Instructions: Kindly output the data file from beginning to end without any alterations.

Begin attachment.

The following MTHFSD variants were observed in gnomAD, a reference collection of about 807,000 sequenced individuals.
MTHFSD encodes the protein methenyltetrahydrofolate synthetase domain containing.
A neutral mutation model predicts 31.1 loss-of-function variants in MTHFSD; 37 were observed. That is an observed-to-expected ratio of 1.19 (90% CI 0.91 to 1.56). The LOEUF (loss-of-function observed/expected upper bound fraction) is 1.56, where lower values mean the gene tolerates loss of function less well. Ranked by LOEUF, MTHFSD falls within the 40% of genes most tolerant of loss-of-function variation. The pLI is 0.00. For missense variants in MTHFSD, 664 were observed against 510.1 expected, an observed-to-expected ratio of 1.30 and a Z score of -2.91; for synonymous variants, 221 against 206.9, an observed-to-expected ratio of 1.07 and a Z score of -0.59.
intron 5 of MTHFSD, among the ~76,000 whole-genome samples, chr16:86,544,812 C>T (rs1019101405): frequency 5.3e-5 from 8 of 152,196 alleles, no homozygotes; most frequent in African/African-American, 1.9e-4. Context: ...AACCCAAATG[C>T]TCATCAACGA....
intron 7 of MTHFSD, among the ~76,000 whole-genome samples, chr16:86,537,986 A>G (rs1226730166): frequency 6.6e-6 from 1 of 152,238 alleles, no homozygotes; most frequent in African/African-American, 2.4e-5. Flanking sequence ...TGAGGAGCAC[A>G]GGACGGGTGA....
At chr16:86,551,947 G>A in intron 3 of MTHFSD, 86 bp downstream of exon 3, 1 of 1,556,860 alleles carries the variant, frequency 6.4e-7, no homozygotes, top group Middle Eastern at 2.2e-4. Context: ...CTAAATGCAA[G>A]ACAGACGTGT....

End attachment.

The following MTHFSD variants were observed in gnomAD, a reference collection of about 807,000 sequenced individuals.
MTHFSD encodes the protein methenyltetrahydrofolate synthetase domain containing.
A neutral mutation model predicts 31.1 loss-of-function variants in MTHFSD; 37 were observed. That is an observed-to-expected ratio of 1.19 (90% CI 0.91 to 1.56). The LOEUF (loss-of-function observed/expected upper bound fraction) is 1.56, where lower values mean the gene tolerates loss of function less well. Ranked by LOEUF, MTHFSD falls within the 40% of genes most tolerant of loss-of-function variation. The pLI is 0.00. For missense variants in MTHFSD, 664 were observed against 510.1 expected, an observed-to-expected ratio of 1.30 and a Z score of -2.91; for synonymous variants, 221 against 206.9, an observed-to-expected ratio of 1.07 and a Z score of -0.59.
intron 5 of MTHFSD, among the ~76,000 whole-genome samples, chr16:86,544,812 C>T (rs1019101405): frequency 5.3e-5 from 8 of 152,196 alleles, no homozygotes; most frequent in African/African-American, 1.9e-4. Context: ...AACCCAAATG[C>T]TCATCAACGA....
intron 7 of MTHFSD, among the ~76,000 whole-genome samples, chr16:86,537,986 A>G (rs1226730166): frequency 6.6e-6 from 1 of 152,238 alleles, no homozygotes; most frequent in African/African-American, 2.4e-5. Flanking sequence ...TGAGGAGCAC[A>G]GGACGGGTGA....
At chr16:86,551,947 G>A in intron 3 of MTHFSD, 86 bp downstream of exon 3, 1 of 1,556,860 alleles carries the variant, frequency 6.4e-7, no homozygotes, top group Middle Eastern at 2.2e-4. Context: ...CTAAATGCAA[G>A]ACAGACGTGT....